Mapping past land use in Europe for climate modeling
Rosie R. Bishop1 and Marc Vander Linden2
Hemmenhofen, Germany, 28-30 January 2019
The PAGES LandCover6k (pastglobalchanges.org/landcover6k) Europe group workshop (pastglobalchanges.org/calendar/2019/127-pages/1884), hosted by Dr. Elena Marinova at the Research Center for Wetland Archaeology in Hemmenhofen, Germany, was attended by an interdisciplinary group of European researchers, which included archaeobotanists, zooarchaeologists, landscape archaeologists, and environmental scientists.
The workshop built on discussions from two earlier LandCover6k Europe group workshops in 2018 (both in Barcelona, Spain) and research that had been undertaken by the group over the past year.
The workshop focused on several key themes:
- Evaluating the project methodologies for mapping land use.
- Evaluating initial regional European land-use maps for the period 4250-3750 cal BCE (6000 BP).
- Refining definitions of land use for global mapping and the categories for the accompanying database of sites.
- Data ownership and plans for future publications from the project.
Day one involved a series of presentations from different participants. The workshop began with a welcome address from Dr. Renate Ebersbach, the director of the research center. Following this, the European group coordinators, Dr. Nicki Whitehouse (University of Plymouth, UK), Prof. Marco Madella (UPF, Barcelona, Spain) and Dr. Ferran Antolin (University of Basel, Switzerland), updated the group on progress since the previous meeting and introduced the agenda for the workshop.
Dr. Oliver Boles (University of Pennsylvania, USA) presented the definitions of land use that will be used for mapping, and there was discussion regarding the standardized categories to be used for the database of site information that will accompany the maps. It is necessary to develop standardized definitions of different types of land use (e.g. hunter-gathering, pastoralism) to enable global comparisons to be made (Morrison et al. 2018).
This discussion was followed by a series of papers reviewing methodological issues for modeling past land use. Dr. Marc Vander Linden (University of Cambridge, UK) updated the group on the site mapping that had been undertaken since the previous meeting and explained the decision to use kernel densities to map European land use. Prof. Sandy Harrison (University of Reading, UK) then outlined the types of information needed as input for climate models and how archaeologists can provide relevant data or improve existing estimates based on expert knowledge. Key information modelers require include: the dates of first agriculture and percentage of agricultural land, estimates of population growth, how much biomass was removed (percentage of different crops and domestic animals, as well as mass density in kg/m2 of wood and nuts harvested), and the mix of C3 versus C4 crop plants grown. Finally, Dr. Tilman Baum (University of Basel, Switzerland) discussed a modeling land-use case study in the Alpine Foreland using agent-based simulations.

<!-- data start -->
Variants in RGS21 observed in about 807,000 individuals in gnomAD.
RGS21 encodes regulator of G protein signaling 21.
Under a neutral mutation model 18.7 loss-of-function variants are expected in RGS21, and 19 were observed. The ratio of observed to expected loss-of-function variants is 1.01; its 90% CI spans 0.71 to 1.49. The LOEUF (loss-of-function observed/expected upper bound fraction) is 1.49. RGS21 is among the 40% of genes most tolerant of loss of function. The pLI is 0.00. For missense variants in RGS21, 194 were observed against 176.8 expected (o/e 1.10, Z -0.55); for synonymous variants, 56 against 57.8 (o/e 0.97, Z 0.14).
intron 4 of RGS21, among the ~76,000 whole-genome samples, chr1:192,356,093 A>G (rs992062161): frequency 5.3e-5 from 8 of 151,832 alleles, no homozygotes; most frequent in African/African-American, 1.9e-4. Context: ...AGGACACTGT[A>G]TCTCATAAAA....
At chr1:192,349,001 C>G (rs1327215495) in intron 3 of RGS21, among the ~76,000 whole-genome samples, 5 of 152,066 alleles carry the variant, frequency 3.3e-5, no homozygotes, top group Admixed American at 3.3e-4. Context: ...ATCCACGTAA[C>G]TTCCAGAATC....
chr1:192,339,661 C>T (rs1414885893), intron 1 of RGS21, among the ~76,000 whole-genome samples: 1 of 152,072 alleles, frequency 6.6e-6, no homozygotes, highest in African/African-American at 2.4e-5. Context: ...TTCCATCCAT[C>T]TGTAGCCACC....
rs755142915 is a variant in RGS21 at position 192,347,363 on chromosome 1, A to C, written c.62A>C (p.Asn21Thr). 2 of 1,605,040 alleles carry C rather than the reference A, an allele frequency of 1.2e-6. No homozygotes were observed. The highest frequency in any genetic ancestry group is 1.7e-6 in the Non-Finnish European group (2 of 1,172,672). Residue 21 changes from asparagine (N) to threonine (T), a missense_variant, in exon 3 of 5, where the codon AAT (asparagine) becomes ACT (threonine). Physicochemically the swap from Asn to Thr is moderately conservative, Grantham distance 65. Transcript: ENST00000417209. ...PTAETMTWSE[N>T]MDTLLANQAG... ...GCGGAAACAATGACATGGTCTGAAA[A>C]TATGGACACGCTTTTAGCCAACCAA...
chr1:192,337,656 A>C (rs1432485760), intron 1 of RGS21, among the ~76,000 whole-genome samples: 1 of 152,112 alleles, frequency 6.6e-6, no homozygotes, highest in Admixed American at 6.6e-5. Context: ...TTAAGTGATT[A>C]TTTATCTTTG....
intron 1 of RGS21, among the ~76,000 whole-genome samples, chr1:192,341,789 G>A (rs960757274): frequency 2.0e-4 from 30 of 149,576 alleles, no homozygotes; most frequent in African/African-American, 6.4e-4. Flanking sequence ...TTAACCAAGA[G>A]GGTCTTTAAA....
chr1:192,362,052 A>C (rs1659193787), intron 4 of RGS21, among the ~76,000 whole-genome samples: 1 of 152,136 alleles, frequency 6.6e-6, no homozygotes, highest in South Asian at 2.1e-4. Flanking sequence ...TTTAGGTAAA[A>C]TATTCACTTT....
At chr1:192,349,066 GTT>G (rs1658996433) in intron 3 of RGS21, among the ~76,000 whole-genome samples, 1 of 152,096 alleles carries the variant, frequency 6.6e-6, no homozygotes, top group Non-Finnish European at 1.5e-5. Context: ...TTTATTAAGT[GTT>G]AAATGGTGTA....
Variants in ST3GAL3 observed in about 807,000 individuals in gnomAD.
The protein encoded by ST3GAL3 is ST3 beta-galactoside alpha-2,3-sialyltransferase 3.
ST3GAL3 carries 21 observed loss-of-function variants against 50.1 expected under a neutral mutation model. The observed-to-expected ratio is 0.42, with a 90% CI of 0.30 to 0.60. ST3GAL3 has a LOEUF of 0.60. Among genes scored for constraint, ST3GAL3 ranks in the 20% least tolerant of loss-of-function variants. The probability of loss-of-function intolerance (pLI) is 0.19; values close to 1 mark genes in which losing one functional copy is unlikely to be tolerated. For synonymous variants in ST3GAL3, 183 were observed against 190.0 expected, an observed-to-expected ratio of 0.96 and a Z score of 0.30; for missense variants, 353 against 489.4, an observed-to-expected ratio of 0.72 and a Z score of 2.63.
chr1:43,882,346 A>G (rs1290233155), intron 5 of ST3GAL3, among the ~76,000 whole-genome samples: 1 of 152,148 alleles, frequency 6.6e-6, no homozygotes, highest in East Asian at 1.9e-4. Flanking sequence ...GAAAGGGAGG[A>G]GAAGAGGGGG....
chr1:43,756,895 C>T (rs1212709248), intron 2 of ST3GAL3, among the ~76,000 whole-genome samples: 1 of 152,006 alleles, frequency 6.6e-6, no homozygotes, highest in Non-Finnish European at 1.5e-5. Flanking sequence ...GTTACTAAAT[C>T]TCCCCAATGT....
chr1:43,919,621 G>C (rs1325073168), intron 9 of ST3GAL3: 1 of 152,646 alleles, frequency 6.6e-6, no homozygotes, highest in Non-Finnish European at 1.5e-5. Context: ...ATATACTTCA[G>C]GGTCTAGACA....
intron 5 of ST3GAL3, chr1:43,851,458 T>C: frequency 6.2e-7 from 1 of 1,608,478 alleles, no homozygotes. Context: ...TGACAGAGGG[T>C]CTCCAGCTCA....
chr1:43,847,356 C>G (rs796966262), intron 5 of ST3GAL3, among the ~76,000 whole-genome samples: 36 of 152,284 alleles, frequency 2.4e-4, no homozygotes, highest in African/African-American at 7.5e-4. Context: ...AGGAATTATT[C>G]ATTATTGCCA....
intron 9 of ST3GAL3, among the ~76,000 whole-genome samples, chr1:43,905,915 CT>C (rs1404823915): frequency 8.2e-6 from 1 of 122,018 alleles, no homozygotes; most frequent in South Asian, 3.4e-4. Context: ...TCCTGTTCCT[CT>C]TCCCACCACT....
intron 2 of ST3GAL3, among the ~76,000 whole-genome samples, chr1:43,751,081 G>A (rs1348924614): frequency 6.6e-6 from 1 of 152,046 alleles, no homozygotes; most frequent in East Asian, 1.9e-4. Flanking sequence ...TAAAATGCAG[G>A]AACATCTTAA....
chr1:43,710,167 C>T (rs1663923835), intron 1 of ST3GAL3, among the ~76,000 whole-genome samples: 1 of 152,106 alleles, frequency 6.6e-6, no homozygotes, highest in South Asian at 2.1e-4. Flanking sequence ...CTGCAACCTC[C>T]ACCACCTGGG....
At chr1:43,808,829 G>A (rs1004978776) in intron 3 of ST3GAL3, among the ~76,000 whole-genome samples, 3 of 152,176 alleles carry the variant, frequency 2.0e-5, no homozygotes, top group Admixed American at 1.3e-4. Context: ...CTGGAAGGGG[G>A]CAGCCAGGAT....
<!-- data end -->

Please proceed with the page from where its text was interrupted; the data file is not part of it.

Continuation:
Figure 1: Distribution of the regional sub-groups (Northwest Europe, Northern Europe, Southeast Europe, Southwest Europe).
In the second part of the meeting, the preliminary land-use maps generated at a previous meeting in May 2018 (Whitehouse et al. 2018) were evaluated by regional sub-groups (Northwest Europe, Northern Europe, Southeast Europe, Southwest Europe; Fig. 1) to establish data gaps and errors. The initial maps were constructed using expert knowledge, together with a European database of radiocarbon dates collated by Dr. Marc Vander Linden and subsequent data collections by the group.
Day two focused on refining the standardized categories that will be used in the database of sites to accompany the maps, and discussing the plans for papers that will be produced from the project.
The project team is currently working to fill in gaps in datasets. The aim is to produce initial land-use maps using basic top-level classifications of land use (e.g. hunter-gathering/agriculture) to allow climate modelers to test whether human impacts on land cover in prehistory were large enough to influence climate change. The datasets will be increasingly refined and used to produce more detailed maps that will incorporate information on different hunting and gathering, farming, and fuel-procurement strategies. It is hoped that the final output of the project will prove useful for both the modeling and archaeological communities.
1Department of Archaeology, Durham University, UK
2Department of Archaeology, University of Cambridge, UK